Membrane receptors are required to trigger the activation of ATM in response to oxidative stress
Although Pdgfrb-mutant mice reach adulthood without apparent anatomical defects, their brains are more vulnerable to damage after direct injection of N-methyl-D-aspartate (NMDA) or cryogenic injury (Ishii et al., 2006), indicating that PDGFRB expression is important to protect neurons from glutamatergic excitotoxicity. The association of PDGF receptor and integrin causes receptor clustering, increases PDGF binding and promotes PDGF receptor activation (Zemskov et al., 2009). ZFHX3 might play a key role in inducing both integrin and PDGFRB expression, which would facilitate the associated signal transduction from these membrane receptors.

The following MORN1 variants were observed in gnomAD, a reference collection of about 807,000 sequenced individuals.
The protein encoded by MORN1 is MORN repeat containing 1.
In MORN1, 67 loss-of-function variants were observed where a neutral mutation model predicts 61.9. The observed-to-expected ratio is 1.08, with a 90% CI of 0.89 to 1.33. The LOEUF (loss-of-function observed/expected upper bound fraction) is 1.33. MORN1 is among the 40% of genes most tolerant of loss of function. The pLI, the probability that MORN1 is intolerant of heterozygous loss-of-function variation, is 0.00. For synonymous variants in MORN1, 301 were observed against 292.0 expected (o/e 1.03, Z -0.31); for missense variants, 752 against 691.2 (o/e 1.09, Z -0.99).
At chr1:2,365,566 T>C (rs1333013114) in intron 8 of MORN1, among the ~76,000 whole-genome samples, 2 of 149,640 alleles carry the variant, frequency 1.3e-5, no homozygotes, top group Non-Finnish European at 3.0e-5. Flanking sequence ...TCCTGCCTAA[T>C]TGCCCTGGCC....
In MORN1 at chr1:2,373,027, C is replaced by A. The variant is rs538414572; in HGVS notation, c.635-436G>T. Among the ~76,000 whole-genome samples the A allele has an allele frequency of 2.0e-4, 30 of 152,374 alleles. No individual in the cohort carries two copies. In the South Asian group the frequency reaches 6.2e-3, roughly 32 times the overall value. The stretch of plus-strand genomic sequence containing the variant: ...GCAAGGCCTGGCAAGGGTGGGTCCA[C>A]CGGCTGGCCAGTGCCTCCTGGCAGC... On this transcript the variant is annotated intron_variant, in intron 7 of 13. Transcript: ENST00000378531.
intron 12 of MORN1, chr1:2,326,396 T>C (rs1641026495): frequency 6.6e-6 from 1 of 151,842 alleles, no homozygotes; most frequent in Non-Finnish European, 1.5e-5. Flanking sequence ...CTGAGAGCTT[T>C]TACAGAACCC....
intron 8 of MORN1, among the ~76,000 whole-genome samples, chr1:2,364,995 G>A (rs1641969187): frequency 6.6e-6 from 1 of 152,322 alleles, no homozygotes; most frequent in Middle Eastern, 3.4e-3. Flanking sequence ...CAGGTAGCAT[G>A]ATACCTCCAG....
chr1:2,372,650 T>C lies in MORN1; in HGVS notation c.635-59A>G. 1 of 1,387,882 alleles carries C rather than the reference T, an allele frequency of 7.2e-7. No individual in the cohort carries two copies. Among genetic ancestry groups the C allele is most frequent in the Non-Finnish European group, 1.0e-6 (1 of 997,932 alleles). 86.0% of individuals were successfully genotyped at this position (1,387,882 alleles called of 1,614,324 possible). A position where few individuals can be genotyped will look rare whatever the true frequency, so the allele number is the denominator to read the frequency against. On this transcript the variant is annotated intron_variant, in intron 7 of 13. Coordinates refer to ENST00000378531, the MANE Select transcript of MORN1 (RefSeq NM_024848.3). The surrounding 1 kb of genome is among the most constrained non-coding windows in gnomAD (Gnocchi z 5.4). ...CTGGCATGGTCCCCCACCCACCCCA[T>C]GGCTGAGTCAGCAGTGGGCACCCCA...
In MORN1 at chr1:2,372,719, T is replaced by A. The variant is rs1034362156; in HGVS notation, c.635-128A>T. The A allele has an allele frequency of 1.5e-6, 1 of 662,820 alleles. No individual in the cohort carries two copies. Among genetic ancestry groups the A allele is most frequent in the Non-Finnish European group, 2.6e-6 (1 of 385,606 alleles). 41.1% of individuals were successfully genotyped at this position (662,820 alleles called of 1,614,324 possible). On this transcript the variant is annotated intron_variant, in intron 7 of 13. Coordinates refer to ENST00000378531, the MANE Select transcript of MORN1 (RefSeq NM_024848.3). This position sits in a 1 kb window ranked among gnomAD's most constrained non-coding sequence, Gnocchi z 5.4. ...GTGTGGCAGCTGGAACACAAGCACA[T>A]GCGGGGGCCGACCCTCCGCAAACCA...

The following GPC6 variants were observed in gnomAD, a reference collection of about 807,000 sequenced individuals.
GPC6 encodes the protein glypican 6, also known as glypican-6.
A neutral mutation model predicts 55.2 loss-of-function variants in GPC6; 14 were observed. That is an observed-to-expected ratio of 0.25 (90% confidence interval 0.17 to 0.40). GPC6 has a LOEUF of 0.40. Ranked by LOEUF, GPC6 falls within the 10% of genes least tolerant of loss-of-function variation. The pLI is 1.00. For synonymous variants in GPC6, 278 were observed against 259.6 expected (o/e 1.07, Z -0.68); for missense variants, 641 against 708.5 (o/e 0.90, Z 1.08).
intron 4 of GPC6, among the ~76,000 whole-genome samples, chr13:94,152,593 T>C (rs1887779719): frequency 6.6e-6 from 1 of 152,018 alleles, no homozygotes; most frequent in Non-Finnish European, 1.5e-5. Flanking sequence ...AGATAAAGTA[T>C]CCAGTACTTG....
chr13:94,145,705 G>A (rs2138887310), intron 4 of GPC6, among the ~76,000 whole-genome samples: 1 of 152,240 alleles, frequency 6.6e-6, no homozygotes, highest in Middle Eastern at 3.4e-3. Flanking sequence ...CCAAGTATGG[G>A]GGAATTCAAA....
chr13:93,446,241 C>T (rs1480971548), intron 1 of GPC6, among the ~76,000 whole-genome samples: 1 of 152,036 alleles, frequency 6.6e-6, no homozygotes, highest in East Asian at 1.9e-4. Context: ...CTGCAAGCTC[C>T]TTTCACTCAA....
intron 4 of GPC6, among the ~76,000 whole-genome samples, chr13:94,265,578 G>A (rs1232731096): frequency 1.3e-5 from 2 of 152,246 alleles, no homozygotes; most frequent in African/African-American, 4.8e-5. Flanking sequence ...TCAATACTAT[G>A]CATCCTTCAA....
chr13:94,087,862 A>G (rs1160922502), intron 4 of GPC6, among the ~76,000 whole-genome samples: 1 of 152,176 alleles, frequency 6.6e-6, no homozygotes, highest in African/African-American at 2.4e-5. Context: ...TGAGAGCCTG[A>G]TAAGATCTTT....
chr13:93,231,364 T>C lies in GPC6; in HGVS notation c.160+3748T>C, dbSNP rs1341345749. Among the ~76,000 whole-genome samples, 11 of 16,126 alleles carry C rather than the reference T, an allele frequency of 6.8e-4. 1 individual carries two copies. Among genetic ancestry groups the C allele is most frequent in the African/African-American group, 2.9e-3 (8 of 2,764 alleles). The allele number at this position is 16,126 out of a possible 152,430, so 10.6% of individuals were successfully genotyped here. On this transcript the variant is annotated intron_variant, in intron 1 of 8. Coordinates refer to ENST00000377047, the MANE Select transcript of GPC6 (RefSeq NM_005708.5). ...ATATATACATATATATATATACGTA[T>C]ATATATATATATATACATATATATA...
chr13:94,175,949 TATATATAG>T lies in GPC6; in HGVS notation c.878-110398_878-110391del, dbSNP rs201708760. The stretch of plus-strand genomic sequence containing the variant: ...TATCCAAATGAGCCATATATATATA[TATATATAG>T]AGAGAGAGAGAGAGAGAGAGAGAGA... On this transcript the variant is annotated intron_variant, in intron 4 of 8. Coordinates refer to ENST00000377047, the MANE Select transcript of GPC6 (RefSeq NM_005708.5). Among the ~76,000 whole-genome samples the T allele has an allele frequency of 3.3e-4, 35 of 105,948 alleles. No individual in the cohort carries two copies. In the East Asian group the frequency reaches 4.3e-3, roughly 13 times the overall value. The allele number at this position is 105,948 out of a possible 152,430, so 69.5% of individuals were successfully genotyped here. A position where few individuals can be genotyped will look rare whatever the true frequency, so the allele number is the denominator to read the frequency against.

Oxidative stress is a causal, or at least an ancillary, factor in several adult neurodegenerative disorders, as well as in stroke, trauma and seizures (Coyle and Puttfarcken, 1993). It is considered to be one of the major causes for deficient survival of Purkinje neurons from A-T mutant mice (Chen, P. et al., 2003). Oxidative stress induces PDGFRB-mediated ATM kinase activation in various types of cells (Chen, K. et al., 2003). This newly identified PDGFRB-mediated signal pathway is likely to be an important issue in understanding the mechanism of excitotoxicity. We tested whether PDGFRB contributed to ATM activation in P19-derived neuron-like cells under conditions of oxidative stress induced by hydrogen peroxide. We observed rapid activation of ATM as assessed by its phosphorylation on Ser1981 (pS-ATM) within 15 minutes of exposure of cells to hydrogen peroxide (100 μM) (Fig. 3A) and the activation was increased with increasing dose of hydrogen peroxide (1–500 μM) (Fig. 3B). The activation of ATM in response to oxidative stress was strongly suppressed by AG1433, a specific inhibitor of PDGFRB and of VEGFR-2 (vascular endothelial growth factor receptor 2; also known as FLK-1 and KDR) (Fig. 3C,D). By contrast, the activation of ATM in response to X-ray irradiation was not suppressed by the addition of AG1433 (Fig. 3E,F). Therefore, we concluded that these membrane receptors play an important role in triggering the activation of ATM under oxidative stress in neuronal cells.